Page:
Prince Fielder, Brewers agree on a $15.5 million deal for 2011

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Prince Fielder and the Brewers avoided arbitration today with a $15.5 million deal in what will be his last arbitration contract.  The deal makes Fielder the highest-paid Brewer of all time, passing Zack Greinke, who has held the title for a couple of weeks.

Attention Reds fans who keep asking me why the team would agree to buy out Joey Votto’s arbitration years for $38 million while not getting any free agent years from him: this deal is the reason.  If Votto had gone to arbitration for all three years, he’d easily exceed $38 million given the precedent set by Ryan Howard and Fielder’s arbitration deals.  It gave the Reds cost-certainty and saved them several million dollars.  That’s not nothing.

As for Fielder: the Brewers have loaded for bear this winter, Fielder has apparently lost some weight and he’s poised for free agency after the 2011 season.  Anyone betting against a huge year by the guy had better be getting great odds.

Report: Pete Mackanin fined Odubel Herrera for attempting to steal despite red light

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CSN Philly’s Jim Salisbury reports that Phillies outfielder Odubel Herrera was fined an undisclosed amount by manager Pete Mackanin for attempting to steal a base on Saturday against the Diamondbacks despite being given a red light. Herrera, arguably the Phillies’ best base runner, usually has a green light, but Mackanin felt that Herrera stealing and opening up first base would have prompted the D-Backs to intentionally walk Cameron Rupp to get to the pitcher’s spot in the lineup.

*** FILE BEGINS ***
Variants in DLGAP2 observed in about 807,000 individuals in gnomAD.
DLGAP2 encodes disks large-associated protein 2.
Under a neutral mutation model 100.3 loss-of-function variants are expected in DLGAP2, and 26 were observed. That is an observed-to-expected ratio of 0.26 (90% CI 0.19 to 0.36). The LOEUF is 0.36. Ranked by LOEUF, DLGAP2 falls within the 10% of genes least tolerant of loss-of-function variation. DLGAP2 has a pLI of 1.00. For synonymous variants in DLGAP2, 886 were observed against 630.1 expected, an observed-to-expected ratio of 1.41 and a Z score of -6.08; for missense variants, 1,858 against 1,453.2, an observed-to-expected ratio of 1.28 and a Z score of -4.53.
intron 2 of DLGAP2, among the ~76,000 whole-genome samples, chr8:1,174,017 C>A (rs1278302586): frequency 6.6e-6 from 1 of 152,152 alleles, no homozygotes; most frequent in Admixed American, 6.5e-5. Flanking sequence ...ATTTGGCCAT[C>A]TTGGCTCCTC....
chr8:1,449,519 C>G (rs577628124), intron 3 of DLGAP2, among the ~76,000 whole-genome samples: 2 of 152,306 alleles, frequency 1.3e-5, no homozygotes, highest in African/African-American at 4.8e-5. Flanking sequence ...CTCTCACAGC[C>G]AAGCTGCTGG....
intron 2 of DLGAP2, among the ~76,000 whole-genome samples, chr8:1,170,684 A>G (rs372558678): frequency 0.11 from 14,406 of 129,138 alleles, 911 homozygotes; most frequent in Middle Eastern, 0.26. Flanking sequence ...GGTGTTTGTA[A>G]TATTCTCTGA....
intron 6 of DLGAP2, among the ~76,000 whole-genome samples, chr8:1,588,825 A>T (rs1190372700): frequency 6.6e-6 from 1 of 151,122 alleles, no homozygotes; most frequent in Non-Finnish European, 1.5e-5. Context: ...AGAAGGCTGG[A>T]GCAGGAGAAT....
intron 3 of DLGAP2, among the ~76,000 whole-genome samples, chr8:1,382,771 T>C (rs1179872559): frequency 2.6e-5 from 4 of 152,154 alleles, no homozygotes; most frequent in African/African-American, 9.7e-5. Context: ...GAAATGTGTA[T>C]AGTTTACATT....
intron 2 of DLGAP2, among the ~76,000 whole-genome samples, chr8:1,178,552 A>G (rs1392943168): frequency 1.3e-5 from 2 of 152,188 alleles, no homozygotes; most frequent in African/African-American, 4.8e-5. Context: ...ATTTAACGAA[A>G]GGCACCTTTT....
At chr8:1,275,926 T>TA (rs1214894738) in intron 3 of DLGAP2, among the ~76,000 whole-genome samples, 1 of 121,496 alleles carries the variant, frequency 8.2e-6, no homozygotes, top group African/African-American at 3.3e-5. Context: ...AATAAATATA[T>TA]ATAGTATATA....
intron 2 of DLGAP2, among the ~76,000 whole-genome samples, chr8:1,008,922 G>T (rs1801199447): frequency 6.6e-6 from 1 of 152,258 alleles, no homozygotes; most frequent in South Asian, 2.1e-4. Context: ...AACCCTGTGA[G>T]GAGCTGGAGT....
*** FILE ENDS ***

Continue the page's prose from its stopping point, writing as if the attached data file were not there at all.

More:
The incident occurred in the top of the sixth inning with the Phillies trailing 3-2. Starter Robbie Ray got the first two Phillies out, but Herrera kept the inning alive with a line drive single to right field. Before the second pitch to Rupp, Ray picked off Herrera in a play that was scored 1-3-4.

According to Salisbury, although Mackanin wouldn’t confirm or deny that he fined Herrera, he did say, “Base running matters.”

This is not the first base running blunder Herrera has had this season. Last week, Herrera ran through third base coach Juan Samuel’s stop sign in an attempt to score the game-winning run. And it’s also not the first bit of contention between Mackanin and his players. There was apparently some miscommunication between him and reliever Pat Neshek last week as well.

The Phillies enter play Tuesday night with baseball’s worst record at 24-51. That puts them on pace for a 52-110 season.

Former Mets pitcher Anthony Young dies at 51

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Former Mets pitcher Anthony Young died on Tuesday at the age of 51, the team said. Young was diagnosed with an inoperable brain tumor in February.

Young, 51, pitched parts of six seasons in the majors from 1991-96. He began his big league career with the Mets in 1991 and stayed with the team through ’93. He famously failed to win a game between April 24, 1992 and July 24, 1993. During that span of time, he went 0-27. It was a great example, even back then, of the uselessness of won-lost records. Young posted a respectable 4.17 ERA in ’92 and 3.77 in ’93.

Former pitcher Turk Wendell, who was Young’s teammate with the Cubs in 1994-95, called Young “a true gentleman.”